In 1861 the Berrien Minute Men,  the Confederate infantry company raised by General Knight, traveled on the Brunswick & Florida from Station No. 9, (Tebeauville) to Brunswick.  Per orders,  Captain L. J. Knight took his company of Berrien Minute Men to the Georgia coast where they and other volunteer companies from south Georgia counties were garrisoned at Camp Semmes for the defense of the port at Brunswick, GA (Berrien Minute Men at Brunswick ~ July, 1861).  The Confederate States government compensated the railroads for providing transportation.

Robert E. Lee visited Tebeauville, GA in 1861

Robert E. Lee visited Tebeauville, GA in 1861

Robert E. Lee stopped for a few hours in Tebeauville in 1861 while making a general survey of the Confederate coastal defenses. In a letter to his wife, transcribed in Recollections and Letters of General Robert E. Lee, he referenced the Battle of Port Royal, in which the 29th GA regiment was engaged,  and mentioned plans to visit Brunswick:

“Savannah, November 18, 1861.

“My Dear Mary: This is the first moment I have had to write to you, and now am waiting the call to breakfast, on my way to Brunswick, Fernandina, etc. This is my second visit to Savannah. Night before last, I returned to Coosawhatchie, South Carolina, from Charleston, where I have placed my headquarters, and last night came here, arriving after midnight. I received in Charleston your letter from Shirley. It was a grievous disappointment to me not to have seen you, but better times will come, I hope…. You probably have seen the operations of the enemy’s fleet. Since their first attack they have been quiescent apparently, confining themselves to Hilton Head, where they are apparently fortifying.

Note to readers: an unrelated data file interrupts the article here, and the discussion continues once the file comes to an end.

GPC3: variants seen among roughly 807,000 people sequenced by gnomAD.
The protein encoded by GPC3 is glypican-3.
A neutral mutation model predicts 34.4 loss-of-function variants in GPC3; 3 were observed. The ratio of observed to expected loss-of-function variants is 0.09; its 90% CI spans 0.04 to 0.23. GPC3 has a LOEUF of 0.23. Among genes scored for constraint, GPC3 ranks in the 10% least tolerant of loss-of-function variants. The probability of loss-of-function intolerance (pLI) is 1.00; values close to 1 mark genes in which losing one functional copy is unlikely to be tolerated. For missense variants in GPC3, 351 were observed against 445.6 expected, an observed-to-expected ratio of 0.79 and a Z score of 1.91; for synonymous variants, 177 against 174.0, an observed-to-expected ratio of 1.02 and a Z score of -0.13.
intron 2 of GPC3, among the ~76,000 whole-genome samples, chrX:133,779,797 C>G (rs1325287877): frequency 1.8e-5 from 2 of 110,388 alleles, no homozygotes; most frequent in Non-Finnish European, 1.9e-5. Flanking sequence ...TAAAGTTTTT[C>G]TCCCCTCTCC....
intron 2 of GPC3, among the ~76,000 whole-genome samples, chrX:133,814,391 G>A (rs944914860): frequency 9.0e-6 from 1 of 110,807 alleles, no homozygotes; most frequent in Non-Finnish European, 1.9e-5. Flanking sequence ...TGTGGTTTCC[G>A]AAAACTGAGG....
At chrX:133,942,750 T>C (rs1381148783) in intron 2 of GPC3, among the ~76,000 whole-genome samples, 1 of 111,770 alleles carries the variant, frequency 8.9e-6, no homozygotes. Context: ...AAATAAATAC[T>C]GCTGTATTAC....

“I have no time for more. Love to all.

“Yours very affectionately and truly,

“R. E. Lee.”

In his 1914 Georgia’s Men of Mark, historian Lucian Lamar Knight included:

It is one of the local traditions, to which the old residents point with great pride, that when in command of the coast defense, at the outbreak of the war, General Robert E. Lee stopped for a short while in Tebeauville. Many of the people who lived here then remember to have seen this Man of the Hour who still lives in the hearts of the people today. Among the the citizens who resided here then were the Tebeaus, the Reppards, the Remsharts, the Parkers, the Grovensteins, the Millers, the Behlottes, the Sweats, the Smiths and the Cottinghams.  To this day many old timers refer to the section of [Waycross] where the Tebeauville station was located as “Old Nine”.